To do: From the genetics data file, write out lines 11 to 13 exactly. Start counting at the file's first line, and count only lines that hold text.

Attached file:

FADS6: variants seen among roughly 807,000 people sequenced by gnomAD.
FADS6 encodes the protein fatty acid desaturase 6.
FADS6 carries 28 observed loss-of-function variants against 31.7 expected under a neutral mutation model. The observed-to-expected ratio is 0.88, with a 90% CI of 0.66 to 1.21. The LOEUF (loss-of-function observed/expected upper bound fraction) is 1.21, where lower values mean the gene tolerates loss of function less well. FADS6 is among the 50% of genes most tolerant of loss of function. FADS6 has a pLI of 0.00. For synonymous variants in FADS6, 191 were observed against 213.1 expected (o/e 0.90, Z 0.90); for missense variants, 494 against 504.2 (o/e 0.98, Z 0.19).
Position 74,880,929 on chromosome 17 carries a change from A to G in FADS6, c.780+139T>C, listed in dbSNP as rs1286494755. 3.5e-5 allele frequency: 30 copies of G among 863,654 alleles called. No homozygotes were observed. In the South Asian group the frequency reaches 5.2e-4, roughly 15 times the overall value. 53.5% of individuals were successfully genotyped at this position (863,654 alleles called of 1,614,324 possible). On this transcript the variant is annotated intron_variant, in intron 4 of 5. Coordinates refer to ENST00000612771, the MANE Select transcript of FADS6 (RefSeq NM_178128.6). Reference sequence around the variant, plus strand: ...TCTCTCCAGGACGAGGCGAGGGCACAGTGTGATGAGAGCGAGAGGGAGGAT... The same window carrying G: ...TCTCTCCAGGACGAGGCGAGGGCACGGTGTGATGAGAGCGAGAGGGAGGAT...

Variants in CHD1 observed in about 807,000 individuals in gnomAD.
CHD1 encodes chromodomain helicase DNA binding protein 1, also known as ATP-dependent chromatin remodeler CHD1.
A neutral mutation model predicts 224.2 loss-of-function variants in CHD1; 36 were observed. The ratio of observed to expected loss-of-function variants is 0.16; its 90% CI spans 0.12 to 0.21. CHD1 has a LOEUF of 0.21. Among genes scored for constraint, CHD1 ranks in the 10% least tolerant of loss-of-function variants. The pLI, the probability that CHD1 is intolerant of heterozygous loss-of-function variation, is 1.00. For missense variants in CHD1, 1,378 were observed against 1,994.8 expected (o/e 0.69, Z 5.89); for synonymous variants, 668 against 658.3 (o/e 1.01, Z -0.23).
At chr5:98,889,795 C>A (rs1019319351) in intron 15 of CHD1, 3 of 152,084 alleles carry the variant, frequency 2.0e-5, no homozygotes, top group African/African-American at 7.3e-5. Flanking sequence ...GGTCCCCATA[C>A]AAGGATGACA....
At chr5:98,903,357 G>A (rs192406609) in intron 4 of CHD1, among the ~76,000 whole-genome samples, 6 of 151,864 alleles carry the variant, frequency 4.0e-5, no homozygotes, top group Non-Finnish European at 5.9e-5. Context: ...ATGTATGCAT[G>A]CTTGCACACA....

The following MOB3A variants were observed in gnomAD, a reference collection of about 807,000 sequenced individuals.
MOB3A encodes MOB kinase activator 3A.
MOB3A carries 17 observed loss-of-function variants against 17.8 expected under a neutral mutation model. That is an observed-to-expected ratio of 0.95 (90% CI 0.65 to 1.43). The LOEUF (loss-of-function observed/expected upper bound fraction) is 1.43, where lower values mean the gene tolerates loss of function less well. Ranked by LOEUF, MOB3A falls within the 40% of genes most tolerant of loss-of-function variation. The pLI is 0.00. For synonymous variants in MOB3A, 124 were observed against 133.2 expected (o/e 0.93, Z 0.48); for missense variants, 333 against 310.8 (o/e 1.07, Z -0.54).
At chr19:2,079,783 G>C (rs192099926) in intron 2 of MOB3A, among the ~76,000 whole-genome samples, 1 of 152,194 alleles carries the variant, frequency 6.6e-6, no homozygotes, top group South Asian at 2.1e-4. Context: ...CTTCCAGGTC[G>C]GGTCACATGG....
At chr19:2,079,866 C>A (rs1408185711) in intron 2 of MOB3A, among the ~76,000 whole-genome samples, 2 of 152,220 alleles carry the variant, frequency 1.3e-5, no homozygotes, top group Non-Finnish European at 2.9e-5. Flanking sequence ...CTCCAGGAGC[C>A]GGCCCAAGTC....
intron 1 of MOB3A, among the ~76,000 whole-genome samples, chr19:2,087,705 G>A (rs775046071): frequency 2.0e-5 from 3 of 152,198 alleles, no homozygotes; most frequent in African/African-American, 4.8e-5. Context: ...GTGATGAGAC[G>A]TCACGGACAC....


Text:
MOB3A encodes MOB kinase activator 3A.
MOB3A carries 17 observed loss-of-function variants against 17.8 expected under a neutral mutation model. That is an observed-to-expected ratio of 0.95 (90% CI 0.65 to 1.43). The LOEUF (loss-of-function observed/expected upper bound fraction) is 1.43, where lower values mean the gene tolerates loss of function less well. Ranked by LOEUF, MOB3A falls within the 40% of genes most tolerant of loss-of-function variation. The pLI is 0.00. For synonymous variants in MOB3A, 124 were observed against 133.2 expected (o/e 0.93, Z 0.48); for missense variants, 333 against 310.8 (o/e 1.07, Z -0.54).
At chr19:2,079,783 G>C (rs192099926) in intron 2 of MOB3A, among the ~76,000 whole-genome samples, 1 of 152,194 alleles carries the variant, frequency 6.6e-6, no homozygotes, top group South Asian at 2.1e-4. Context: ...CTTCCAGGTC[G>C]GGTCACATGG....